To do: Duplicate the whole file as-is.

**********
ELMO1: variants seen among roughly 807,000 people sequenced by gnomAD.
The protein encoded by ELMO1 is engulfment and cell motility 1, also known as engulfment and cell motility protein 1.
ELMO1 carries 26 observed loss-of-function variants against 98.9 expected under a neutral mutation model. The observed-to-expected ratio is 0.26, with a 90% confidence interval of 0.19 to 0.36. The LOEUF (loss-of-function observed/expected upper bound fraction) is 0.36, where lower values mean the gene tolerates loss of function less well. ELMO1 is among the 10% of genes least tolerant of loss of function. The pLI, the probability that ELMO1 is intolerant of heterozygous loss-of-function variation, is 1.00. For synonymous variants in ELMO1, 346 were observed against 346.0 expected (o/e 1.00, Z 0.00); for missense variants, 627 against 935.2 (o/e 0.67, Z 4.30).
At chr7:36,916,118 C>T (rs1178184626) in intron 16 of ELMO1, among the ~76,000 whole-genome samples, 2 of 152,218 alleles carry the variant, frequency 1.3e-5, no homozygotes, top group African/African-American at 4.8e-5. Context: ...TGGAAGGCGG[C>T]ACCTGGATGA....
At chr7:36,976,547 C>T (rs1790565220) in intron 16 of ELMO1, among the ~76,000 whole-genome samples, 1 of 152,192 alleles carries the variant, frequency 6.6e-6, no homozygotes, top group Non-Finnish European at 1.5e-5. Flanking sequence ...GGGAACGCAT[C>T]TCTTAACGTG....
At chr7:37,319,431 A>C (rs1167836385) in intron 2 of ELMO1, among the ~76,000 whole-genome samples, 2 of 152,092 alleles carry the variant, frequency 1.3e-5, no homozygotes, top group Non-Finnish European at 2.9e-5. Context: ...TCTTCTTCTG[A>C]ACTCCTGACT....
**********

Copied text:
ELMO1: variants seen among roughly 807,000 people sequenced by gnomAD.
The protein encoded by ELMO1 is engulfment and cell motility 1, also known as engulfment and cell motility protein 1.
ELMO1 carries 26 observed loss-of-function variants against 98.9 expected under a neutral mutation model. The observed-to-expected ratio is 0.26, with a 90% confidence interval of 0.19 to 0.36. The LOEUF (loss-of-function observed/expected upper bound fraction) is 0.36, where lower values mean the gene tolerates loss of function less well. ELMO1 is among the 10% of genes least tolerant of loss of function. The pLI, the probability that ELMO1 is intolerant of heterozygous loss-of-function variation, is 1.00. For synonymous variants in ELMO1, 346 were observed against 346.0 expected (o/e 1.00, Z 0.00); for missense variants, 627 against 935.2 (o/e 0.67, Z 4.30).
At chr7:36,916,118 C>T (rs1178184626) in intron 16 of ELMO1, among the ~76,000 whole-genome samples, 2 of 152,218 alleles carry the variant, frequency 1.3e-5, no homozygotes, top group African/African-American at 4.8e-5. Context: ...TGGAAGGCGG[C>T]ACCTGGATGA....
At chr7:36,976,547 C>T (rs1790565220) in intron 16 of ELMO1, among the ~76,000 whole-genome samples, 1 of 152,192 alleles carries the variant, frequency 6.6e-6, no homozygotes, top group Non-Finnish European at 1.5e-5. Flanking sequence ...GGGAACGCAT[C>T]TCTTAACGTG....
At chr7:37,319,431 A>C (rs1167836385) in intron 2 of ELMO1, among the ~76,000 whole-genome samples, 2 of 152,092 alleles carry the variant, frequency 1.3e-5, no homozygotes, top group Non-Finnish European at 2.9e-5. Context: ...TCTTCTTCTG[A>C]ACTCCTGACT....